One of the most valuable resources I have found in any law library is the librarian who has worked there so long that he or she knows where some of the more obscure titles or genres can be found, not only where to find the major categories. Perhaps my favourite example of how a librarian's knowledge, or skill, helped me fairly recently was when I was looking for a series of reports of which I had an abbreviated title and which I could not identify. The librarian soon identified them as first-instance reports from colonial Basutoland (!), and brought some decidedly dusty unbound books to my desk. And that is only my favourite example; I could give more.

Early on in my studies I was unsure where to find statutory instruments. That was not too hard. Rather later I wanted to find private Acts of Parliament, and that was rather harder. Later still, I need eighteenth-century private Acts of Parliament; that stumped even the specialised librarians I then had access to. I think it is perhaps the only time that that happened.

Back in the 1980s I was following some very obscure footnotes in a nineteenth century German book. All I had was the name of the author - no Christian name or initial - and I asked the law librarian in the library where I was working if she could identify it and lay her hands on a copy. Three or four days later a small paperbound thesis from the University of Jena landed on my desk. I suspect that even today, with all the electronic resources we now have, it might still be quite difficult to find it and I have no inkling how the librarian in the 1980s managed it. Of course I did not *need* to see it, but research does sometimes lead a scholar along blind alleys. Within the last fifteen years, I have spent days trying to trace something (not a law book, I should say), only to find that there were several copies in one of our major university libraries, all catalogued under a different author from the one that the eighteenth-century writer I was working on had used. It is not just law librarians we need but librarians with specialised understanding of all types of literature.

It is when one needs to look at foreign law that the librarian's expertise really comes to the fore. I once had a problem that required me to look at some Swiss law which had since been amended. I had not a clue where to look, but it took the well-trained, and immensely helpful, librarian only a matter of minutes to identify the right loose-leaf encyclopaedia (I could, I suppose, have done that myself if I had tried) and bring to me that carefully preserved out-of-date pages which had been replaced twenty or thirty years previously. I needed to look at this not just to satisfy my academic curiosity but to give advice to someone who had become embroiled in a real-life problem with immigration authorities. Modern law is immensely complex, and access to relevant legal information is an aspect of access to justice, and access to justice is one of the central aspects of the Rule of Law.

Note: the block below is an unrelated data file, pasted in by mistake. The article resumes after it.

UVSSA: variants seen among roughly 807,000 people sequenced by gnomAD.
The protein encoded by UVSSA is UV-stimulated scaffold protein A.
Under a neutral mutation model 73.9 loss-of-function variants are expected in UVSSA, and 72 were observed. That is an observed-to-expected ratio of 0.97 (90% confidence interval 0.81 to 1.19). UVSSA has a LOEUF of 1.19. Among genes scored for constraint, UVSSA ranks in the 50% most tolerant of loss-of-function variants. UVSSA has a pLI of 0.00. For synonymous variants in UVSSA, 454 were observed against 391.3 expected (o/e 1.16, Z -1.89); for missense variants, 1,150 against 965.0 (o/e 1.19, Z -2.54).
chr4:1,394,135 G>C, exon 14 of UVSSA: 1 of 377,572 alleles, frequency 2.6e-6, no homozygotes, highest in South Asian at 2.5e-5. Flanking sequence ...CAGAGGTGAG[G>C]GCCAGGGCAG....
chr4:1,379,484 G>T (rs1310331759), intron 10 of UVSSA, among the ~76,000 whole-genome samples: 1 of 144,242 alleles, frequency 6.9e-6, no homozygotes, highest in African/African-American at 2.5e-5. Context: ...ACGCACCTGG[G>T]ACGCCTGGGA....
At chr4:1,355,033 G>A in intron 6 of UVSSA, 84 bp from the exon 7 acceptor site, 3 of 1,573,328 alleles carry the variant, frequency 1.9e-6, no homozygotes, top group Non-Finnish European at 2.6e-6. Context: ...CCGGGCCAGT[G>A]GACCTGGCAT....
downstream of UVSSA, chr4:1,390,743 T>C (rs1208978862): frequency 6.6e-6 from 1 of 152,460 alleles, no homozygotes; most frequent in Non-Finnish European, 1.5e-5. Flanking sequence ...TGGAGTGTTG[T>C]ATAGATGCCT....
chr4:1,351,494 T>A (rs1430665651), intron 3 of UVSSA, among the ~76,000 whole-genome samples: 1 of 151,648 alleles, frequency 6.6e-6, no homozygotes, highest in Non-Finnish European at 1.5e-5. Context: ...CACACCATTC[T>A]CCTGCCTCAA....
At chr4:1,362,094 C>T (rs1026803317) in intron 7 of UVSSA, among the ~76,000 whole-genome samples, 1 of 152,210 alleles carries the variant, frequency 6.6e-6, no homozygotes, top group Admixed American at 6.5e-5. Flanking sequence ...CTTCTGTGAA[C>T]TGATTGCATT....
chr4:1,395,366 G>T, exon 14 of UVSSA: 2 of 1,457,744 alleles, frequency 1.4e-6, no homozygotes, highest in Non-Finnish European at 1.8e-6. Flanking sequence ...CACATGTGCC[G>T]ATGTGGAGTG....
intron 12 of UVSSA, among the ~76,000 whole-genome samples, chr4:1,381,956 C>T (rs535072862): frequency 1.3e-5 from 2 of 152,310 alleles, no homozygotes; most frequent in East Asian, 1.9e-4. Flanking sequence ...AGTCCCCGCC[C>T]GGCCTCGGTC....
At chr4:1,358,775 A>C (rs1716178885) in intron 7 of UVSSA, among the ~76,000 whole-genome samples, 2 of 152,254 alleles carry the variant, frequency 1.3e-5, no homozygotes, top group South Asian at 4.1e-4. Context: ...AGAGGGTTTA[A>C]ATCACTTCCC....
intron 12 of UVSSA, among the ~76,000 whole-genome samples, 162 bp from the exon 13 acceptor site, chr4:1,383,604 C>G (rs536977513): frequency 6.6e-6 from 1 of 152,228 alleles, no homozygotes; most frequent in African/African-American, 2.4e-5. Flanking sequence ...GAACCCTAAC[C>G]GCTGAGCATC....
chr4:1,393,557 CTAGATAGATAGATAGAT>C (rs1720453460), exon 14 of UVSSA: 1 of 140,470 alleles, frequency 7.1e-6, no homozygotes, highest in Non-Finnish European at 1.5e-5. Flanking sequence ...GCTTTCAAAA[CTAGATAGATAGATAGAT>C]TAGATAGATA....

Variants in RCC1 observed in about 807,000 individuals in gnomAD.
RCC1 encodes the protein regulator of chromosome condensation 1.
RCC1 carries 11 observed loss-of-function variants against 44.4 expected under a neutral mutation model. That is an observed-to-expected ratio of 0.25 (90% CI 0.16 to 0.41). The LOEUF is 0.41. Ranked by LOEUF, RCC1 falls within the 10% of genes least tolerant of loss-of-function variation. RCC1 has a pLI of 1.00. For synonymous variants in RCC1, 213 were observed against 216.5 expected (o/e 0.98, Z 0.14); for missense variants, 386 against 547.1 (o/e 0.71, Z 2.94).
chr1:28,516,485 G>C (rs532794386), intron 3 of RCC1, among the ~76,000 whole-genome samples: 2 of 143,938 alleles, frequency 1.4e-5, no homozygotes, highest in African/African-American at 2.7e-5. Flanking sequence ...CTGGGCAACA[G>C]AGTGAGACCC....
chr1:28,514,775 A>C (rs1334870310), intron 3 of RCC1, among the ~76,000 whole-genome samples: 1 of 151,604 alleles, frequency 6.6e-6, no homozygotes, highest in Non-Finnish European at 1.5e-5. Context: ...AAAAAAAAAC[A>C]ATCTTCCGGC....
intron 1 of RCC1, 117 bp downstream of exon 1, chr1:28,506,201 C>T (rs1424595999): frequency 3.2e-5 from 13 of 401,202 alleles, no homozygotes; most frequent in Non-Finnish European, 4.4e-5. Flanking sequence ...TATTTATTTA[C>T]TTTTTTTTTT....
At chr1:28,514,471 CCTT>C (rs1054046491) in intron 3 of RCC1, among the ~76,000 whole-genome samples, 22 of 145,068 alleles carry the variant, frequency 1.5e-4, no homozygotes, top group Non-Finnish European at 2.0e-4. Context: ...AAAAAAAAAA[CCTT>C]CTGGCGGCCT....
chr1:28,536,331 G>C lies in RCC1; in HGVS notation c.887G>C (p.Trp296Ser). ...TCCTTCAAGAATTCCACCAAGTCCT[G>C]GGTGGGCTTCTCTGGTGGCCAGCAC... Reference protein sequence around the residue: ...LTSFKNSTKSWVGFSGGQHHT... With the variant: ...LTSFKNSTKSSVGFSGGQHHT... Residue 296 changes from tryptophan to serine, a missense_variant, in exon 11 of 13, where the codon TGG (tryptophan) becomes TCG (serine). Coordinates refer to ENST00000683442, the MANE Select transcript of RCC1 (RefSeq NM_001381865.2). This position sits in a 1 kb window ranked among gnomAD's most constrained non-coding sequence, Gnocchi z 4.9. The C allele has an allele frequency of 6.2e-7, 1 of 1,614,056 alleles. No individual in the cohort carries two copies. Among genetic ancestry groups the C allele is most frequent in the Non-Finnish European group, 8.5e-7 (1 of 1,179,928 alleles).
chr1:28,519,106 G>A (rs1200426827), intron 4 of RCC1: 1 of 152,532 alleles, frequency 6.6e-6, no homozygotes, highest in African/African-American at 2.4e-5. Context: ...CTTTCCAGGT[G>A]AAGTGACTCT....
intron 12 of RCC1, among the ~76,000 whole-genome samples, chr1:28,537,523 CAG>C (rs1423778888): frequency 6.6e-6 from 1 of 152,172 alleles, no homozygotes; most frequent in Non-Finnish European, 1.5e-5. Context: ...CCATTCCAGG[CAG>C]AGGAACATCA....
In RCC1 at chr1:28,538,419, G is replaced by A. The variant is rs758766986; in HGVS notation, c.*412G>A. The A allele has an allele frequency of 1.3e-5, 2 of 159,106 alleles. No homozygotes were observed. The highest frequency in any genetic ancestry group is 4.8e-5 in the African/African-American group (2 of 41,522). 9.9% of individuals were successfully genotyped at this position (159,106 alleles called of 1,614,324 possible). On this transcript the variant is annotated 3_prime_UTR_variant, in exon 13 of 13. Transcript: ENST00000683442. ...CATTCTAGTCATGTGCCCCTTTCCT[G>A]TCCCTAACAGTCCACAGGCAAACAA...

Of course, things are changing as we get used to living in the twenty-first century. Increasingly we find what we want on-line, and most of the time that means on Lexis, Westlaw and BAILII (British and Irish Legal Information Institute). Beyond these, many of us are insufficiently knowledgeable to find what we need without wasting a good deal of time. The law librarian of today and tomorrow has to be increasingly an expert in the use of databases and in their contents. The high-quality law library will need its list of available databases, and the high-quality law librarian will know which ones need to be subscribed to as well as what is in them. This is especially important when it comes to foreign law which academics and practitioners may occasionally have to dip their fingers into without having sophisticated knowledge of the literature of that system. Law will only become more globalised as the years progress, and those of us who have to work within these increasingly complex structures of knowledge will need increasingly specialised and knowledgeable help.

The law librarian does a great deal more than one might expect; certainly more than just putting books on shelves!